In his Aug. 3 letter to Morton, Sessions said reports indicated the ICE agent had been “served with a ‘Notice of Proposed Suspension’ for arresting an individual whom the agent observed entering the vehicle of an alien wanted for criminal activity in Newark, Delaware, and whom the agent later determined to be a 35-year-old illegal alien with ten previous convictions for traffic violations, including driving without a license.”
“According to the report, a memorandum by Assistant Field Office Director David O’Neill sates that the agent was told to release the detained alien even though he was in the country illegally,” Sessions continued in that August letter. “When the agent refused, he was threatened with a three-day suspension. It is my understanding that the acting field director advised the criminal alien that he would be let go because he was not a ‘presidential priority.’”
In mid-August, ICE’s Office of Congressional Relations responded to Sessions and confirmed that the allegations and reports were true.
“Our review of the facts contained in your letter revealed that the individual encountered by the officer claimed to be a citizen of Mexico and to have entered the United States at an unknown location in Arizona without admission or parole on September 22, 2002,” ICE’s Elliot Williams replied to Sessions, in another letter obtained by TheDC. Williams is Assistant Director of the agency’s Office of Congressional Relations.
That illegal alien, Williams wrote, was not on a “target list” for an operation ICE was conducting — called “Operation Cross Check III” — which is focused on the “apprehension of at-large criminal aliens who pose the most serious threats to community safety.”
“The officer took the alien into custody and transported him to the field office to conduct database queries regarding his immigration status and criminal history,” Williams continued, a practice that was “consistent with the guidance” provided to agents during the operation.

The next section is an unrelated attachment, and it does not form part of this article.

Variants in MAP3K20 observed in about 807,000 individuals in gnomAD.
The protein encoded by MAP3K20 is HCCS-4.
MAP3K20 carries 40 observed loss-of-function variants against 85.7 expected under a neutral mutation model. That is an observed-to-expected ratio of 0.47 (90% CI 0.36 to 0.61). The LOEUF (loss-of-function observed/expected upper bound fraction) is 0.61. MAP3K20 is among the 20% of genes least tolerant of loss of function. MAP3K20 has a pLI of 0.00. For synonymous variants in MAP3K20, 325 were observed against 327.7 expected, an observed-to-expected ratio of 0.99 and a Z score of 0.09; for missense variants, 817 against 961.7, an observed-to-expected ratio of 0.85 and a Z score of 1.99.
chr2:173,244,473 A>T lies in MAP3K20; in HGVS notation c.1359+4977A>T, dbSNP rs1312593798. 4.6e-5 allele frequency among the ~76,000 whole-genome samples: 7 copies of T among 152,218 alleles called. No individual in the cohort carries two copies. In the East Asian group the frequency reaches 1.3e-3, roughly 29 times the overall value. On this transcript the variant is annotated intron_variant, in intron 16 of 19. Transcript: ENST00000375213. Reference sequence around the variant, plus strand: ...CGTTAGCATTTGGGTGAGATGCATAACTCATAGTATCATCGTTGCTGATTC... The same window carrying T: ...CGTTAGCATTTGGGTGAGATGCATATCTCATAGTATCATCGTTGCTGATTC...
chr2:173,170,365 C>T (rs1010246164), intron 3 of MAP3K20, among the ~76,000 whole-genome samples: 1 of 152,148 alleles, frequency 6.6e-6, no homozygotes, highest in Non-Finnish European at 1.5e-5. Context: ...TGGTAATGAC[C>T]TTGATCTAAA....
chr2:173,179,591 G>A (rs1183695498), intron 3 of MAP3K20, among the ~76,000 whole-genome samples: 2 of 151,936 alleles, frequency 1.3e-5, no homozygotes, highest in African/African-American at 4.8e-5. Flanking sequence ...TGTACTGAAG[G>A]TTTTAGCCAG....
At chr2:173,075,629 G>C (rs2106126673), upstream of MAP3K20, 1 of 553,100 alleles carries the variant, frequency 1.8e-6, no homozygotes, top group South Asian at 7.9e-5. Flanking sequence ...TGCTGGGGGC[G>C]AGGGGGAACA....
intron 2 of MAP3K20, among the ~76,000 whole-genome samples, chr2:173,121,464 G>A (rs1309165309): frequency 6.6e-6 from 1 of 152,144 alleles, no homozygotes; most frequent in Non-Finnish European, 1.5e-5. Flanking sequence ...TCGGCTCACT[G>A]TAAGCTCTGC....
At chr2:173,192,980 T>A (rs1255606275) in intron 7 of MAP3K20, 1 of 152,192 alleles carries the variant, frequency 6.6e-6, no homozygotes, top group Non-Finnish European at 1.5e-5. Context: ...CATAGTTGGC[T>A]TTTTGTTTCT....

Williams said that query found the illegal alien had been “cited for minor traffic violations” that did not “lead to incarceration,” only fines.
Sessions countered, however, that one of those traffic violations was for operating a motor vehicle without a license. Williams did not address this detail. Even so, ICE’s position is that those violations, including driving without a license, are not “assumed to pose a threat to the community.”
Williams also confirmed that ICE leadership ordered the agent to release the criminal alien suspect. “As this individual did not fit the Cross Check criteria or any other ICE priority, and many other targets remained at large, the officer was instructed by both his first and second-level supervisors to cease processing this individual and instead return to the field to search for other targets,” he wrote.
Since the agent tried to continue processing the illegal alien anyway, ICE leadership, Williams wrote, has “propose[d] disciplinary action for [the agent's] failure to follow a supervisory instruction.”
Williams wrote on Aug. 15 in his letter to Sessions that “no disciplinary action” had yet been taken. But Crane and the ICE agents’ union have launched an online petition to respond to the threat of retaliation against the agent. More than 75,000 signers have expressed their support.
In his Sept. 11 reply to Morton, Sessions raised the issue of another case of an illegal alien released from custody after he allegedly physically assaulted law enforcement personnel.
“Apparently, even violent offenders are eligible for automatic release under the President’s non-enforcement policy,” Sessions wrote.
“Since I last wrote to you, several ICE agents filed a lawsuit against you and Secretary Napolitano in the federal district court for the Northern District of Texas. According to the complaint, ICE agent Samuel Martin, along with another ICE agent, picked up an illegal alien from the El Paso County, Texas jail on July 17, 2012.”
“While the agents were trying to place the individual in the vehicle, he attempted to escape and physically assaulted the agents,” Sessions continued. “Although the agents regained custody of the alien and transported him to the El Paso Criminal Alien Program office for processing, the agents’ supervisors ordered them to release the alien without charges and specifically to not issue a Notice to Appear, as required by 8 U.S.C. § 1225(b)(2)(A).”
“The agents protested the release of the alien but were told ‘it was a management decision, based on the President’s new immigration policies.’ Anyone with the even the slightest experience in law enforcement can see that such actions are devastating to law enforcement personnel.”